And your earlier response helped me walk through the tenant bankruptcy risk in my mind.

As I see it, the greatest risk is either:

  1. First half rent is not received, crops planted, tenant files bankruptcy. The trade creditors who have statutory liens for fertilizer, chemicals, etc. against the growing crops obtain a court order providing for the continued farming for the year to obtain satisfaction of their liens, without payment to SPV. SPV could be out for that year on rent or ability to re-rent with the hope it could recoup the second half as an administrative claim.

  2. Same as #1 except first half rent is paid. Same result above except trustee or DIP pursues clawback preference against SPV and SPV has to cough up part of the first half rent.

This is only a substantial risk if the property manager has for example one renter for all holdings in a state. Terms should thus provide limit on acreage rental by any one renter.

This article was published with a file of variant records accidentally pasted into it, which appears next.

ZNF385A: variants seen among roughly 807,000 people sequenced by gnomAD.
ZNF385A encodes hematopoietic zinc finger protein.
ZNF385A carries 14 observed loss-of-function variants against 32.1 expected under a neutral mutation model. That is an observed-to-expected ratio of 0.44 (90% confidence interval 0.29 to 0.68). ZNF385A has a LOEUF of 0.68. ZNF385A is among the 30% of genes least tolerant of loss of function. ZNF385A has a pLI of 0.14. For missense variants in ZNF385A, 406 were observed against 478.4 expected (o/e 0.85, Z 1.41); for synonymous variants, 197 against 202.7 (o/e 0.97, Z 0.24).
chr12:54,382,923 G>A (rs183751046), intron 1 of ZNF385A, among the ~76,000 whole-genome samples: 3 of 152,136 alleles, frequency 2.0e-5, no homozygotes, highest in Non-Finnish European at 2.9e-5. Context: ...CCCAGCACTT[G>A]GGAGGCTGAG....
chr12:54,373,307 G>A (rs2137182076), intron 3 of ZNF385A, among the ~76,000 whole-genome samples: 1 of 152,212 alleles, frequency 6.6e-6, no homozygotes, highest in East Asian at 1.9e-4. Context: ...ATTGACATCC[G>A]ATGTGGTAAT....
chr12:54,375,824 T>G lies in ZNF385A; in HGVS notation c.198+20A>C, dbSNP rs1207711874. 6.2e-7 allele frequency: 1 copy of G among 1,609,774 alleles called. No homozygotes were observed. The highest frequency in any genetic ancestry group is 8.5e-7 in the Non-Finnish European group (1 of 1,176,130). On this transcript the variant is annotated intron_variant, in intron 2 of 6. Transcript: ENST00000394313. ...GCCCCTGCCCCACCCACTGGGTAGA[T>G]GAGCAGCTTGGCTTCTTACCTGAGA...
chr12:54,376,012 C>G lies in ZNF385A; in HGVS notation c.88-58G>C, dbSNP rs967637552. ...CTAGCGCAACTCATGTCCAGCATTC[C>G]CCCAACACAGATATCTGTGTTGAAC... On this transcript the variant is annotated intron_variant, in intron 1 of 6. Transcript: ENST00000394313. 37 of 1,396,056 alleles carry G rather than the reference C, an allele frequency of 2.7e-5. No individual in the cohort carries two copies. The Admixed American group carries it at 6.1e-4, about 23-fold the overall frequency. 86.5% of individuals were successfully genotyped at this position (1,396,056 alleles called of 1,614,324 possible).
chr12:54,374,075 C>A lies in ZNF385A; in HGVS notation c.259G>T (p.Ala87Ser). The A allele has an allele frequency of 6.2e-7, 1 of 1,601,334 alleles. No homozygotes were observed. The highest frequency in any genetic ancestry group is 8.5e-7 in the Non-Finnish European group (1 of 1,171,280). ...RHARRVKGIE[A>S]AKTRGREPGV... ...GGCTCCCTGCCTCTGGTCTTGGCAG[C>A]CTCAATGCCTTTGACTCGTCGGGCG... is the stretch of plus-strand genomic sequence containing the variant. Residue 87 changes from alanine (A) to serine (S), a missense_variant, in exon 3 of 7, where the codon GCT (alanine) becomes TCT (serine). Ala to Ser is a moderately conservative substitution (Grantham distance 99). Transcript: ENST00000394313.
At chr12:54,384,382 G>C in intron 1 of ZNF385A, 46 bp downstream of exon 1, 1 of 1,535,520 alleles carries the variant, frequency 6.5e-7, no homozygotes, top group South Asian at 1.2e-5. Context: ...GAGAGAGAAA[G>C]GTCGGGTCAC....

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Thanks for helping me understand.

“Contractually by minting the NFTs, the asset is encumbered but this is indeed not a filling.”

But that is just a contractual promise, not a lien, right?

“It would be quite obvious in the financial statement of the SPV if there is another loan taken.”

Well yes, but then it is too late. Is this issue handled in that lending by the SPV, or sale of SPV real estate, requires unanimous board approval and thus the independent director can stop those actions up front?

Are rent payments actually made to the SPV? If not (which I assume that is the case) how can the independent director redirect the receipt of rent by that party to payment of this loan?